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Database Wisdom: SQL

Chapter 2: Transaction Control

Chapter 2 - Transaction Control

A TRANSACTION is a unit of work.  A TRANSACTION may be a single action or it may be a series of actions.  For example, if you add 5 records and all 5 records must be added before saving, that is a single transaction.  If you add 5 records and you save between each, those are 5 discrete transactions.

NOTE: Whether or not the 5 transactions must be saved as one transaction or as multiple transactions is based on the business rules for an application.  In general, the database does not care.

TRANSACTION CONTROL refers to the commands that allow you to save, or not, any data that you may have manipulated.  Technically, transaction control has its own language, separate from DML called the Transaction Control Language or TCL.  However, in most conversations, TCL is usually encompassed  in DML.  Regardless, TCL is important to understand before you start using DML.

Begin Transaction/End Transaction

The keywords “BEGIN TRANSACTION” and “END TRANSACTION” are part of the ANSI SQL standard.  Unfortunately, not all vendors have implemented these keywords the same way.  For some, the keywords are optional, other required.  For some, END TRANSACTION is implicitly called by COMMIT or ROLLBACK and you will get an error by using this keyword.  Others require an END TRANSACTION and will commit your data when called.

To make it a little more difficult, at least one database treats your DML  and DDL commands differently depending on whether or not you call BEGIN TRANSACTION.  For this database, if you do not explicitly begin the transaction, each successful DML command is auto-saved and any errors are rolled back.  If you do explicitly begin the transaction, by calling BEGIN TRANSACTION, all commands are treated as a single transaction and are committed or rolled back together.

 The easiest way to see if your database requires these commands is to check the documentation for your chosen database.  

The important thing to remember about these keywords is that they really don't do anything to your data.  They don't add data or change data.  In some databases, using the END TRANSACTION will save any changes you have already made.



ROLLBACK is arguably the most important command that you will learn.  I call it, fondly, the “oops” command.  With the ROLLBACK command you can undo any kind of DML.  In many databases, you can even undo Data Definition Language (DDL) commands.

ROLLBACK will rollback all changes back to the beginning of a transaction.  In some systems, that means back to the last BEGIN TRANSACTION, where as in other databases that means back to the last COMMIT or ROLLBACK.

In Oracle, DDL cannot be undone via ROLLBACK.  DML can.  You are not required to begin a transaction in Oracle and a ROLLBACK will rollback to the last COMMIT or ROLLBACK before it.

The syntax for a ROLLBACK is very simple:


Many vendors like to extend the database with proprietary syntax extensions on the standard.  Oracle, for example, adds the FORCE keyword to handle special situations with distributed transactions.  One extension to rollback, albeit part of the standard, is rollback to savepoint.  Not all databases support SAVEPOINT.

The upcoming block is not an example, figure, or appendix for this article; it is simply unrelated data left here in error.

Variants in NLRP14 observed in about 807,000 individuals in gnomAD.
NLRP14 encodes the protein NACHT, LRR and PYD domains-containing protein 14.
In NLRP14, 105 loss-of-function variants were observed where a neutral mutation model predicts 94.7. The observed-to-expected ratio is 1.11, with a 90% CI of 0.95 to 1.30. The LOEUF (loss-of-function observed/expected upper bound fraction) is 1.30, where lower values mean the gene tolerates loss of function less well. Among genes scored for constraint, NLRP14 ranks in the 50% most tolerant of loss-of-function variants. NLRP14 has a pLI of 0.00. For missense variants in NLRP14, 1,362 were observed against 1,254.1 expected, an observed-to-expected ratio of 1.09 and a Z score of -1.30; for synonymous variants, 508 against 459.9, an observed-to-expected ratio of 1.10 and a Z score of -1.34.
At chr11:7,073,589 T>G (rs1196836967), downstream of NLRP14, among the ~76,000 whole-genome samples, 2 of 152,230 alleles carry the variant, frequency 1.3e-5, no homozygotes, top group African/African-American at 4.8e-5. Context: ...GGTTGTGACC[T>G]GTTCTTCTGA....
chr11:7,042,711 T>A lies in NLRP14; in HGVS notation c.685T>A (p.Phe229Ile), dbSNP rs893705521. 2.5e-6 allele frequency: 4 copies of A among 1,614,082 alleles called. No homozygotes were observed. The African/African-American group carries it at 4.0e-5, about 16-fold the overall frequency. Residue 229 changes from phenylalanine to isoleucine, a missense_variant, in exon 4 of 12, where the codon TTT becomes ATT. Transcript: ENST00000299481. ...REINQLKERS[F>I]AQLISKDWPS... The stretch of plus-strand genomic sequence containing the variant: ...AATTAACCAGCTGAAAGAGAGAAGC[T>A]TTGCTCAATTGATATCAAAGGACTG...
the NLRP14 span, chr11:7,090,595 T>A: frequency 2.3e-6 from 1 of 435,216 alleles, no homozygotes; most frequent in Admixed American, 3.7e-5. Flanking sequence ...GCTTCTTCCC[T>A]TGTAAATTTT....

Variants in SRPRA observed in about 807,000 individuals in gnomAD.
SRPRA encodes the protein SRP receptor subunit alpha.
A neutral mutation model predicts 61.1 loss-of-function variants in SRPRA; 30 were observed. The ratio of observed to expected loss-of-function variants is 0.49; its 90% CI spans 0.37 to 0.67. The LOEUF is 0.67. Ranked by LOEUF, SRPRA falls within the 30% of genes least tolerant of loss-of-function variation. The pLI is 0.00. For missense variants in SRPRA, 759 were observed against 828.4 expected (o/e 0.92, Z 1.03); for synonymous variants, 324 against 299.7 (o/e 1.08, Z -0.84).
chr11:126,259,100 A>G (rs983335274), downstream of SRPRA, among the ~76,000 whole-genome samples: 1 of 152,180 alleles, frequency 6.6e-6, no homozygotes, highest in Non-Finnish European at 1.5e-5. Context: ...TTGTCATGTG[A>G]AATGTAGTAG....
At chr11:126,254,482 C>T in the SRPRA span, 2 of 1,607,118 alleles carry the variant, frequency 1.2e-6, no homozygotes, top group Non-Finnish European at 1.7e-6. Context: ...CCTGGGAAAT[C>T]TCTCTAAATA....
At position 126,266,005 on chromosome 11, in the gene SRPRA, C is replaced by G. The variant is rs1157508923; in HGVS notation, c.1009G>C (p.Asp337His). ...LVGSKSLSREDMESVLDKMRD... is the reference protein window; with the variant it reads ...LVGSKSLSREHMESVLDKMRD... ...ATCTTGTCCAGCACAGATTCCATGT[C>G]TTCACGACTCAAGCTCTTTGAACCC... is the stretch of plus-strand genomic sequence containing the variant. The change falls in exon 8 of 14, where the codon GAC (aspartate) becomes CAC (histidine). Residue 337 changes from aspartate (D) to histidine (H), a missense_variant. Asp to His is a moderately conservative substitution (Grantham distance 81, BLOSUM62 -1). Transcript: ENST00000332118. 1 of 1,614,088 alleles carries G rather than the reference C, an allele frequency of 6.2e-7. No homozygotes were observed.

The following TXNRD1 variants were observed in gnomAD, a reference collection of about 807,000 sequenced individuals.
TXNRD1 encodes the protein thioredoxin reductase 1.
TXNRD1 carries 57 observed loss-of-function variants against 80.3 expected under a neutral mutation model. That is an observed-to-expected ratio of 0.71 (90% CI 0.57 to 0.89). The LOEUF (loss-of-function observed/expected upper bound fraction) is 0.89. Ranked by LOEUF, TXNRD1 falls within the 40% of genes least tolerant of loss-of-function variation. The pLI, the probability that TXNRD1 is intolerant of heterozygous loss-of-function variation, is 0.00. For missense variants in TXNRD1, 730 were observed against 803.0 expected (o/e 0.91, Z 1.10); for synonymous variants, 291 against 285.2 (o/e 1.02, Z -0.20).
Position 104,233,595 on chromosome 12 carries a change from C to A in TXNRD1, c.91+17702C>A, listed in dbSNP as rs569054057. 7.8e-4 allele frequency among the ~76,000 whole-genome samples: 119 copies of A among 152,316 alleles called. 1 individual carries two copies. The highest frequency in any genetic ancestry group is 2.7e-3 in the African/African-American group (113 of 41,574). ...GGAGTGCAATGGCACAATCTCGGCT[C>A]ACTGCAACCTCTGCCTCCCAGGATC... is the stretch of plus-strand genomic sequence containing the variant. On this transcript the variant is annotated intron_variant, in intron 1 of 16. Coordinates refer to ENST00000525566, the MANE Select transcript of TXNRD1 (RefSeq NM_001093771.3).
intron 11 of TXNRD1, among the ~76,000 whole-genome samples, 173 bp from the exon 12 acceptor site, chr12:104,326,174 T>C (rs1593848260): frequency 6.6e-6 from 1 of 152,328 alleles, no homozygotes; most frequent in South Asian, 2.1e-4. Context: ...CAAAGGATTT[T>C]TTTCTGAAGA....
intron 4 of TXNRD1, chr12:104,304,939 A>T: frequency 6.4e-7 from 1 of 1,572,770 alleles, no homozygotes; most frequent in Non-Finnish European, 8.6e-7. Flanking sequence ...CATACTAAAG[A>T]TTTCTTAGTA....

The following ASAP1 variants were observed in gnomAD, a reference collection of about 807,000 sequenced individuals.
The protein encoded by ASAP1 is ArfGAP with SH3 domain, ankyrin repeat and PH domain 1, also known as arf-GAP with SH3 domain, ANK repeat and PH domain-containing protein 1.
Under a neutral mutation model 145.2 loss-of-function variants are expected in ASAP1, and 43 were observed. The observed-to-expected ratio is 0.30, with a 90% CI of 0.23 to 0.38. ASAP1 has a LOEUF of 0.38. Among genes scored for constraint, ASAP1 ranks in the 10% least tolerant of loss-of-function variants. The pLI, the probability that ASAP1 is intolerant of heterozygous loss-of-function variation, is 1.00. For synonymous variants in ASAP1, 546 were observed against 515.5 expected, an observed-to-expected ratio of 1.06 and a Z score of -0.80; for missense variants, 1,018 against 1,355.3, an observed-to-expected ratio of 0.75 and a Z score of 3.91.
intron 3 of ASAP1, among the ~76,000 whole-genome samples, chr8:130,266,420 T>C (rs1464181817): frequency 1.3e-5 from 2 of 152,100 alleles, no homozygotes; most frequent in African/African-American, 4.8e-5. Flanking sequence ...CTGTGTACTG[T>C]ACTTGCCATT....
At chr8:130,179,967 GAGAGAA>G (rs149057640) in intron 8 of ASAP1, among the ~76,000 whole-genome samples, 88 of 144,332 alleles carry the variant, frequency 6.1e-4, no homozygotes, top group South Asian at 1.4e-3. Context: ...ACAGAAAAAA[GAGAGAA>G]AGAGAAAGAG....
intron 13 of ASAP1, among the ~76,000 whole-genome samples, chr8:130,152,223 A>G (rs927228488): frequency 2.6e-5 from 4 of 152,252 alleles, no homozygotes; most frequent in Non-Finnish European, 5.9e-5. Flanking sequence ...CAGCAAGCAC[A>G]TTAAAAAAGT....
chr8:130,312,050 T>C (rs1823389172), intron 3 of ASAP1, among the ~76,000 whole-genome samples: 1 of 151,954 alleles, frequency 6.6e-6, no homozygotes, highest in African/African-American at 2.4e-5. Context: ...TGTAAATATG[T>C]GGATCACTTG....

A savepointallows a developer or user to maintain multiple rollbackpoints in a SQLscript or procedure.  You can use them interactively but that is less useful as it can quickly get confusing.

Savepoints allow nested rollbacks.  You can execute a DML command, i.e. insert a record, issue a savepoint, insert another record and then rollback just the second insert.  Without savepoints, a rollback would roll back both inserts.

Savepoint work by giving a name to a savepoint.

INSERT INTO taba(column1) VALUES (123);

SAVEPOINT first_savepoint;

INSERT INTO tabb(column2) VALUES (456);

To rollback all changes, we would use:


To rollback just the second insert, we roll back to the named savepoint:

ROLLBACK TO first_savepoint;

It is possible for the script or session to have multiple savepoints.

INSERT INTO taba(column1) VALUES (123);

SAVEPOINT first_savepoint;

INSERT INTO tabb(column2) VALUES (456);

SAVEPOINT another_save;

INSERT INTO taba(column2) VALUES (456);

SAVEPOINT oogabooga;

INSERT INTO tabd(column3) VALUES (789);

We could roll back to any one of these:

ROLLBACK TO oogabooga;

ROLLBACK TO another_save;

Executing these two rollback commands would leave the first two inserts intact but would undo inserts 3 and 4.

Had we issued:

ROLLBACK TO first_savepoint;

None of the other savepoints would remain.  Rolling back to a higher level savepoint invalidates the lower level savepoints.  As a matter of a fact, if we executed:

ROLLBACK TO first_savepoint;

ROLLBACK TO oogabooga;

We would get an error in most databases.


The second most important command you can learn is the COMMIT command.  Commit tells the database to save any additions, changes or deletions that you may have made.  The basic syntax is very simple:


 In some databases, you may need to say:


In some databases, COMMIT WORK and COMMIT TRANSACTION are synonyms for COMMIT.  As mentioned above, in some databases, END TRANSACTION is also a synonym for COMMIT.

Some extensions that you may see for the COMMIT keyword allow you to COMMIT your work but let you continue processing before the change is written to disk (NOWAIT) or  to force a commit on distributed transactions (FORCE).

It's always important to review your vendor documentation for specific extensions to the SQL standard as some of these extensions are extremely valuable.  For example, Oracle's NOWAIT extension can dramatically improve performance in certain situations where there is an extremely high transaction rate and during batch loads.

Contact: Lewis Cunningham

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